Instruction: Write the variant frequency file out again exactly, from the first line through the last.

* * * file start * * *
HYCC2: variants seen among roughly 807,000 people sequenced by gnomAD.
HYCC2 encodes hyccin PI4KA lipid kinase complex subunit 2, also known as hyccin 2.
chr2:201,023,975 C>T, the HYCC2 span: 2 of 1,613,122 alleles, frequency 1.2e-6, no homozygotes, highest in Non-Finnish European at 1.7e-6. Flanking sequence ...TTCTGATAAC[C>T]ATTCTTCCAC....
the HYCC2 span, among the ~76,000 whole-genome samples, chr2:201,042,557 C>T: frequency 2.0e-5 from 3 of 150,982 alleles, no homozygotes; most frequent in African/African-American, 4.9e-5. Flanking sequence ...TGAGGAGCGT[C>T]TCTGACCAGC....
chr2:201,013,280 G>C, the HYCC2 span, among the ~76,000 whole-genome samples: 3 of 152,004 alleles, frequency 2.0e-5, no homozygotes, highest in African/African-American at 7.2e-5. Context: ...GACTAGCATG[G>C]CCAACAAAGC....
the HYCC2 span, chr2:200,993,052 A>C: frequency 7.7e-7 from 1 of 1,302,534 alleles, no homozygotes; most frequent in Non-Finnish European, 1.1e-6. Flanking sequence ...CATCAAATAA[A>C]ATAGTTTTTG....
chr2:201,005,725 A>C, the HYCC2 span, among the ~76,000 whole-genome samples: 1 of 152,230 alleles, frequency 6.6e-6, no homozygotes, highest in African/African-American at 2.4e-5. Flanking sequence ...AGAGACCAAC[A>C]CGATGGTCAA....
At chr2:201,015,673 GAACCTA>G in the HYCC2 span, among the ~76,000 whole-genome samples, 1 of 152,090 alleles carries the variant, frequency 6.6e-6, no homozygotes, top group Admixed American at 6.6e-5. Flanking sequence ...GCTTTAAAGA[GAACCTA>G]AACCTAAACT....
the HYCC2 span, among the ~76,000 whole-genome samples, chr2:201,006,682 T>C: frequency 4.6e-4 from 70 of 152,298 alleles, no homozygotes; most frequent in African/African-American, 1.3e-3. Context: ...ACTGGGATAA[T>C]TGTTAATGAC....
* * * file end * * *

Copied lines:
HYCC2: variants seen among roughly 807,000 people sequenced by gnomAD.
HYCC2 encodes hyccin PI4KA lipid kinase complex subunit 2, also known as hyccin 2.
chr2:201,023,975 C>T, the HYCC2 span: 2 of 1,613,122 alleles, frequency 1.2e-6, no homozygotes, highest in Non-Finnish European at 1.7e-6. Flanking sequence ...TTCTGATAAC[C>T]ATTCTTCCAC....
the HYCC2 span, among the ~76,000 whole-genome samples, chr2:201,042,557 C>T: frequency 2.0e-5 from 3 of 150,982 alleles, no homozygotes; most frequent in African/African-American, 4.9e-5. Flanking sequence ...TGAGGAGCGT[C>T]TCTGACCAGC....
chr2:201,013,280 G>C, the HYCC2 span, among the ~76,000 whole-genome samples: 3 of 152,004 alleles, frequency 2.0e-5, no homozygotes, highest in African/African-American at 7.2e-5. Context: ...GACTAGCATG[G>C]CCAACAAAGC....
the HYCC2 span, chr2:200,993,052 A>C: frequency 7.7e-7 from 1 of 1,302,534 alleles, no homozygotes; most frequent in Non-Finnish European, 1.1e-6. Flanking sequence ...CATCAAATAA[A>C]ATAGTTTTTG....
chr2:201,005,725 A>C, the HYCC2 span, among the ~76,000 whole-genome samples: 1 of 152,230 alleles, frequency 6.6e-6, no homozygotes, highest in African/African-American at 2.4e-5. Flanking sequence ...AGAGACCAAC[A>C]CGATGGTCAA....
At chr2:201,015,673 GAACCTA>G in the HYCC2 span, among the ~76,000 whole-genome samples, 1 of 152,090 alleles carries the variant, frequency 6.6e-6, no homozygotes, top group Admixed American at 6.6e-5. Flanking sequence ...GCTTTAAAGA[GAACCTA>G]AACCTAAACT....
the HYCC2 span, among the ~76,000 whole-genome samples, chr2:201,006,682 T>C: frequency 4.6e-4 from 70 of 152,298 alleles, no homozygotes; most frequent in African/African-American, 1.3e-3. Context: ...ACTGGGATAA[T>C]TGTTAATGAC....